BETWEEN THE LINES: Marilyn Mullens, there's been some recent activity to draw attention to the damage coal mining and processing is doing in Appalachia. Can you describe those actions?

MARILYN MULLENS: Some activists boarded a coal barge on the Kanawha River, chained themselves to it, had a banner -- the banner said, "Coal Leaves, Cancer Stays" -- we have a lot of bad health effects because not only of the burning of the coal, but the extraction process they use. And also some activists blocked an access road on one of the mountaintop removal sites on Kayford Mountain, stopped them being able to take equipment, or take coal out.

BETWEEN THE LINES: In the past couple of years, some health studies have come out showing increased levels of both cancers and birth defects among residents living close to coal mining operations, as compared to similar populations not living in coal country.

MARILYN MULLENS: Oh, yeah, I mean, I guess the one that sticks out most in my mind is the study with the birth defects. You know, it shows much higher rates of people that live within a 50 mile radius of an active mountaintop removal site; more neurological, more respiratory problems. You know, my children were small and breathed that dust for three years, and it really concerns me...well, I did, too. What are the long-term effects? There was silicon in that blasting material and stuff that they used. But you know the coal companies' response was to the birth defects study was they didn't account for the inbreeding here. Well, I've lived here all my life and I've never had a cousin marry a cousin...that's just ridiculous.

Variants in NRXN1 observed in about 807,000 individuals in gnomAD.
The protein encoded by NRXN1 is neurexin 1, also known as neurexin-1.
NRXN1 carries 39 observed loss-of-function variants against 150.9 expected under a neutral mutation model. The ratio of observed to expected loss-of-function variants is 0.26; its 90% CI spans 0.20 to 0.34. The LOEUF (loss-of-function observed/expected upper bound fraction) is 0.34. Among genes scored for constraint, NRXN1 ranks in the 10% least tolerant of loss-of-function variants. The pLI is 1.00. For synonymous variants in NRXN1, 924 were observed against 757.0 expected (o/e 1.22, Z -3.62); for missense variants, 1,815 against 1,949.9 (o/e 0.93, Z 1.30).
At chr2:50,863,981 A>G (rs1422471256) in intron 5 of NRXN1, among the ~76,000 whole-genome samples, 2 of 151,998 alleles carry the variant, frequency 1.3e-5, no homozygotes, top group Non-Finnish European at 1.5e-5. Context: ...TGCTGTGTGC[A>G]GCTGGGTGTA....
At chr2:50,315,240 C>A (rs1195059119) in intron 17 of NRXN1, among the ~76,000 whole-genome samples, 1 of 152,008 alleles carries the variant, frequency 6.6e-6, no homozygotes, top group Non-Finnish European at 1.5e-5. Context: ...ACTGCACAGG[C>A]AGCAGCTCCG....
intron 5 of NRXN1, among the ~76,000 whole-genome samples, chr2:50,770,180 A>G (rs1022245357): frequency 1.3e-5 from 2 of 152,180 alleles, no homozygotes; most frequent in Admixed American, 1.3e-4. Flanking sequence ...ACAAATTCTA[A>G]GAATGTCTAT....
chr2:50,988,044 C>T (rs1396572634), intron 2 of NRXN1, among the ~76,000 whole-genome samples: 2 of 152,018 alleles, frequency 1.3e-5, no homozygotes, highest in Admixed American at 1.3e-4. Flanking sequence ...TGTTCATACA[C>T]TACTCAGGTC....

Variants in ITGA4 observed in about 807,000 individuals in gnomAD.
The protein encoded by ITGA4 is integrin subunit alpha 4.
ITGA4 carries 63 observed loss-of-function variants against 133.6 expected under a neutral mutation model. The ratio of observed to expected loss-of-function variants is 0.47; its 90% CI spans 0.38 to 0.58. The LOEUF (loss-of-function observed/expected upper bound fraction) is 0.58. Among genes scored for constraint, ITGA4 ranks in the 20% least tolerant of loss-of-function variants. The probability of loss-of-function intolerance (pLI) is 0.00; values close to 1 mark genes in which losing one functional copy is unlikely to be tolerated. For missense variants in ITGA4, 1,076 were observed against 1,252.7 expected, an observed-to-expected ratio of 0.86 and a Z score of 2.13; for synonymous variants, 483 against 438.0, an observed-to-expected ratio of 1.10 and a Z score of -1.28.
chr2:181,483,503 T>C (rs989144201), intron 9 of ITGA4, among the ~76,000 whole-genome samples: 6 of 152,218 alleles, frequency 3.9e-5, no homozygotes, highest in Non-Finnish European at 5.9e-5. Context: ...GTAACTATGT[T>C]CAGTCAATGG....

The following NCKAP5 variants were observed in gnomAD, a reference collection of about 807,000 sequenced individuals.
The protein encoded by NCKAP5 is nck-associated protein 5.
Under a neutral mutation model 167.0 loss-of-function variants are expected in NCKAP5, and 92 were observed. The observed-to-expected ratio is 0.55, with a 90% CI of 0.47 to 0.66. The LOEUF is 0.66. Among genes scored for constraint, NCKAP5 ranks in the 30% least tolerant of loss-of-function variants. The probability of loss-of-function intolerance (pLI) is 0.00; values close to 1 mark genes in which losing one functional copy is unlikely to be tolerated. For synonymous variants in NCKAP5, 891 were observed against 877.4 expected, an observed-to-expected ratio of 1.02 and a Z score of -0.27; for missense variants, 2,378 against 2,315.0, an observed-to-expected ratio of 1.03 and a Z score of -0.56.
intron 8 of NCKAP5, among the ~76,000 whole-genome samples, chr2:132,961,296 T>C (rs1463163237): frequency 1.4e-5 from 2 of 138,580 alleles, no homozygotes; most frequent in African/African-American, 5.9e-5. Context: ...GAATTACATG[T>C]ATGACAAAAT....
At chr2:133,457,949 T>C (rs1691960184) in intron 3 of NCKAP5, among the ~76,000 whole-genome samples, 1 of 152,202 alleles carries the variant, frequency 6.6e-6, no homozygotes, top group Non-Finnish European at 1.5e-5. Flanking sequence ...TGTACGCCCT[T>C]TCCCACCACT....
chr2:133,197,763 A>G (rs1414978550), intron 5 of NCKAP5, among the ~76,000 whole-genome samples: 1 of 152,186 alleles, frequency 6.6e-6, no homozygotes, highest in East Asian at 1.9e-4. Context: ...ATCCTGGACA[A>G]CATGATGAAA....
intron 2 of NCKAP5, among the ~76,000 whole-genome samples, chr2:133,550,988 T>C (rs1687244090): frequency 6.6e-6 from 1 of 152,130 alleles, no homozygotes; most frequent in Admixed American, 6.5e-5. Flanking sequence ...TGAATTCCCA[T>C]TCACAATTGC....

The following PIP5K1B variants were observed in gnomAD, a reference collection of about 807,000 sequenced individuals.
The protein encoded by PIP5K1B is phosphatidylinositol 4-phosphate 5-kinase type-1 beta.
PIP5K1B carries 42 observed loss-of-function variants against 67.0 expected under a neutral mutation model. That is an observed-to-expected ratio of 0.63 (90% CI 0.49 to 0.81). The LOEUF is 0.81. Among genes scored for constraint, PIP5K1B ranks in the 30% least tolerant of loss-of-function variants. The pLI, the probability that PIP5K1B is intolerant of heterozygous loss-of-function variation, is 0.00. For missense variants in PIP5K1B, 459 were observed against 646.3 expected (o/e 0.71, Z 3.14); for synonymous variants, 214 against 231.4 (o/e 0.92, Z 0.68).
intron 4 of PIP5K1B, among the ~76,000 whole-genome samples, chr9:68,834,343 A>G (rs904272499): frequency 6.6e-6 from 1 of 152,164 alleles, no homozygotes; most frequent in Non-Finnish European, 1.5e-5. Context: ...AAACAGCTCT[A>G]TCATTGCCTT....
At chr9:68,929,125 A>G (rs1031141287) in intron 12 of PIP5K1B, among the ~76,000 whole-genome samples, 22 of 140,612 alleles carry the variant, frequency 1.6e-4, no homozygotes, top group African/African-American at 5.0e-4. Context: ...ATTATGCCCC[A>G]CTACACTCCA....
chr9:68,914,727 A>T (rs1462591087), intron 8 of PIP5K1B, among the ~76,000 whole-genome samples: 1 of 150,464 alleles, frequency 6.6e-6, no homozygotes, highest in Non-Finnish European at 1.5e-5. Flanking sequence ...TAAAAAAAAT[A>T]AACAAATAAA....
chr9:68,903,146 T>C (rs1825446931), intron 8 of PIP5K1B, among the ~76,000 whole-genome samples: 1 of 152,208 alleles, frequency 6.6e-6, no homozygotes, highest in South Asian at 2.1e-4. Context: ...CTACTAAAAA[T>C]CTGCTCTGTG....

BETWEEN THE LINES: So, how did you come up with the idea of women shaving their heads in protest?

MARILYN MULLENS: I guess I was just fed up. Back in January-February time frame, I went to bed one night just so frustrated, and that happens. Sometimes you feel like you have to either stop, or you'll lose your mind, because it's so frustrating, because nobody will listen -- nobody that can do anything. I think I'd been to a DEP [Dept. of Environmental Protection] hearing or something, and just...you know, the DEP is supposed to be on our side to protect the people, and they're not. Here in West Virginia, they're owned by the coal companies. And I just went to bed so upset, and I woke up in the middle of the night with this idea that, okay, I've got to do something. I can't quit; I can't quit. I can't keep talking because it's not doing any good. What can I do to make a loud statement? And that just kind of came to me. I thought, well, something that's really important to women in the U.S., in our culture is their hair. So I'm going to take mine off in solidarity with our mountains being stripped of everything. I mean, they don't leave anything -- they don't even leave the topsoil on these mountains -- in solidarity with my people who are sick and dying, and who have already passed away.

For additional information, visit Women Unite to End Mountaintop Removal.